#12
08-01-2002, 07:15 PM
 QueenAl Guest Join Date: Jun 2002
What ShibbOleth is talking about is also known as logtime.

Personally, I'm sceptical about logtime, since I don't think the human perception of time is that orderly. However, I did once read an article, that I can't find online, about some psychological experiments which had found that our perception of time does change as we get older, regardless of lifestyle; according to this article, it was a simple biological fact, though the reason's not known. Some studies also posit changing metabolism as one of the reasons for changing time perception, considering how much quicker wounds heal in children.

I don't think the question of why time appears to move faster can be answered until we have some idea of how we perceive time in the first place, what 'senses' we use to detect time passing.
#13
08-02-2002, 01:57 AM
 SandWriter Guest Join Date: Oct 2000
This is so wacky!

My Dad and I were just discussing this very issue. I explained to him that I agreed with one of Alvin Toffler's theories from his book, Future Shock. The theory I liked is what we in this thread know as 2b, the time a year takes is a smaller percentage of the total time you've been alive. I made a chart in excel from 1 to 100 and then in the next column I made a calculation of the percentage of 1 year. I then graphed the columns and found the log effect mentioned previously.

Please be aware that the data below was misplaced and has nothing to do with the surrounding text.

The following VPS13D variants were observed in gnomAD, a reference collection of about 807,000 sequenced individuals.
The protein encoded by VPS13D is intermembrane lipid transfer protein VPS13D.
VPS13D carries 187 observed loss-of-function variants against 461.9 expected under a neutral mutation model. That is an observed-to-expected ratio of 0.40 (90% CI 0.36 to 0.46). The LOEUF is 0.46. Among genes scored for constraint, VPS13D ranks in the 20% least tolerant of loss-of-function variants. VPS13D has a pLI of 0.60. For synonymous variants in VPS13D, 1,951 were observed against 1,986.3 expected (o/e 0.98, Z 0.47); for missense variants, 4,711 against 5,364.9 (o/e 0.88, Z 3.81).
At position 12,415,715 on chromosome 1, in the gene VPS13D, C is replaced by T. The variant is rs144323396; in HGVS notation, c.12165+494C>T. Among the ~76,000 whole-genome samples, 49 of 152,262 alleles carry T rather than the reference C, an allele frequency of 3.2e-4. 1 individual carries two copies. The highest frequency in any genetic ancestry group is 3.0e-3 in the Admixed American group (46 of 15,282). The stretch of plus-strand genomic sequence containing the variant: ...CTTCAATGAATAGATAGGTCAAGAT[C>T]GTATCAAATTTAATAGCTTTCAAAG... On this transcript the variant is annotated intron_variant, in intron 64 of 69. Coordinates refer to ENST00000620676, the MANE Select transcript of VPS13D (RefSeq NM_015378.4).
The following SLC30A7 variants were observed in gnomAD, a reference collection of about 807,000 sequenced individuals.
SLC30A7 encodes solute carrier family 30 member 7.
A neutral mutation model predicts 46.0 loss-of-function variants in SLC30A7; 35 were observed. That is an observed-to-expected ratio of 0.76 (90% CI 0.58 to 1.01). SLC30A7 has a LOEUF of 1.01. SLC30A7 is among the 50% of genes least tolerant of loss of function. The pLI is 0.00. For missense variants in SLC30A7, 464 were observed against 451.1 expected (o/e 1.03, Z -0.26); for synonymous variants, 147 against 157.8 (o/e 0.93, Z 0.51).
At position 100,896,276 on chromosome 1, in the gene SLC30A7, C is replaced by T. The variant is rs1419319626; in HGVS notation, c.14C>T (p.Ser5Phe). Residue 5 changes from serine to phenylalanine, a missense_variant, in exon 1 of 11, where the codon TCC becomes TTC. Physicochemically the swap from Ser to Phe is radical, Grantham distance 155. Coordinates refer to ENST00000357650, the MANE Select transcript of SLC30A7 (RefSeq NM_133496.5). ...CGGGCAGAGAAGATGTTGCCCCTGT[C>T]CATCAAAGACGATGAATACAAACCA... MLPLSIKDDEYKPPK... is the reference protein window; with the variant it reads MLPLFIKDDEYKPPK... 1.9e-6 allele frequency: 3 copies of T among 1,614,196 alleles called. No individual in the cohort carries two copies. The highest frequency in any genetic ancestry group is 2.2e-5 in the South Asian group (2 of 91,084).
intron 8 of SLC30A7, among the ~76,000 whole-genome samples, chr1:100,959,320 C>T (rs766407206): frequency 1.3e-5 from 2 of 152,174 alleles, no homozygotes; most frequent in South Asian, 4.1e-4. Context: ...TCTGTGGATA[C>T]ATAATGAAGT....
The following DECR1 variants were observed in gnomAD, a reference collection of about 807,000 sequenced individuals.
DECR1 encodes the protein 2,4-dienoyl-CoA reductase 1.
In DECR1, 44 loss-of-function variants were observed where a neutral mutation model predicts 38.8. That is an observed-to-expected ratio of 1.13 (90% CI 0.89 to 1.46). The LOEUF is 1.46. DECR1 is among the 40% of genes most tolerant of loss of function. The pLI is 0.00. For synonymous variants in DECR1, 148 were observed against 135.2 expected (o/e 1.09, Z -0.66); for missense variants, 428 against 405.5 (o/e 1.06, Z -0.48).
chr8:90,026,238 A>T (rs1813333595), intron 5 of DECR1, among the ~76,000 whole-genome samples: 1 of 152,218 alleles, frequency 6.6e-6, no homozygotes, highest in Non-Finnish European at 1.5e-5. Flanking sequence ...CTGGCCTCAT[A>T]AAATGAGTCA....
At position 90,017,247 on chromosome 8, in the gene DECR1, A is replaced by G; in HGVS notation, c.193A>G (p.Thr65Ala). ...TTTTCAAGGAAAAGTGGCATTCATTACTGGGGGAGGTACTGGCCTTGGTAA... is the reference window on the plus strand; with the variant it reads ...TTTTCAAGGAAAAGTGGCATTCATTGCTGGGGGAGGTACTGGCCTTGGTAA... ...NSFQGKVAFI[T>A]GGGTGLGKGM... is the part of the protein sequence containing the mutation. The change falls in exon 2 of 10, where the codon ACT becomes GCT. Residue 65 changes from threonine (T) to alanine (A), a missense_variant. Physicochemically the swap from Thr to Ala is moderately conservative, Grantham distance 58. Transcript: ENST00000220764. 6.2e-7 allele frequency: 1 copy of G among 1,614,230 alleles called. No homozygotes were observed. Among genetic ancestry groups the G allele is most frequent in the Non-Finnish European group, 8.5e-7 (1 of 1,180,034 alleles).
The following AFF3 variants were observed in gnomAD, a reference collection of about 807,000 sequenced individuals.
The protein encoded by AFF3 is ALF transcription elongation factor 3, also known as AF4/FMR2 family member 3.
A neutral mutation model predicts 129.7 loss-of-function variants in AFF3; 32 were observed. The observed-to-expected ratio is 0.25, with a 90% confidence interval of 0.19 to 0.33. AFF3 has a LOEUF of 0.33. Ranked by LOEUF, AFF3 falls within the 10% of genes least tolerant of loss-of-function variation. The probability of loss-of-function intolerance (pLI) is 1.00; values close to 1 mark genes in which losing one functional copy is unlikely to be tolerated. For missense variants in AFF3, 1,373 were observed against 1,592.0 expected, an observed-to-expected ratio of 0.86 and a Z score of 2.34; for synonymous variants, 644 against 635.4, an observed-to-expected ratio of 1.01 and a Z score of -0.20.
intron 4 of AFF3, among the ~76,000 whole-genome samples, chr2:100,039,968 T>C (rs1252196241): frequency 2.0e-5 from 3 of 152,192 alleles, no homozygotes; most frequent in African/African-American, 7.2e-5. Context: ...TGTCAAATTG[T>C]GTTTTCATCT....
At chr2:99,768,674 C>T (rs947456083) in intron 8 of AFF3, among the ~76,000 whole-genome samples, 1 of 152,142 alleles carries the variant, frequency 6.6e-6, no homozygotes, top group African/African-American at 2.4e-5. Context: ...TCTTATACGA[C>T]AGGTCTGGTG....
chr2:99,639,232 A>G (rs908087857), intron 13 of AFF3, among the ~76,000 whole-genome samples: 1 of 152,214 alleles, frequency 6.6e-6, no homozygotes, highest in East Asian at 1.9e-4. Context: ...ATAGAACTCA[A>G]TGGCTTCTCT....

However I was a bit bummed when the data did not fit my hypothysis. I guessed that the greatest change in the curve, therefore the greatest acceleration, would occur at the stereotypical 'mid-life' chrisis age of 35 or so. Looking at my curve it occured at age 29-30, a bit earlier than I predicted.

It really bugged me until I realized that I did not take into account the ability to remember. My earliest memories are from age 4 or 5, so if you shift the second column down 4-5 years, then the curve convieniently shifts to the right, putting the greatest change in slope right in the mid-life chrisis zone. Yay!

So if you are having a mid-life chrisis, it may be that on some level you realize that your life is passing you by.

\$0.02
-Sandwriter
#14
08-02-2002, 02:00 AM
 SandWriter Guest Join Date: Oct 2000
p.s. to get a sense of how time passes, go see Memento!
#15
08-02-2002, 02:21 AM
 Hail Ants Charter Member Join Date: Jan 2000 Location: NY USA Posts: 4,980
I think its more just a state of mind than any mathematical formula.

When you're young time is (like most things) a restriction. You only view it in terms of having to wait for it to pass to get something that you want, i.e. Christmas, birthdays, summer vacation etc.

When you're more mature time is (again, like everything) a resource. You view it in terms of having to make the best use of the often limited amount you have, i.e. paying bills, taking a vacation from work, having kids etc.
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#16
08-02-2002, 02:36 AM
 Bad Hat Guest Join Date: Aug 2000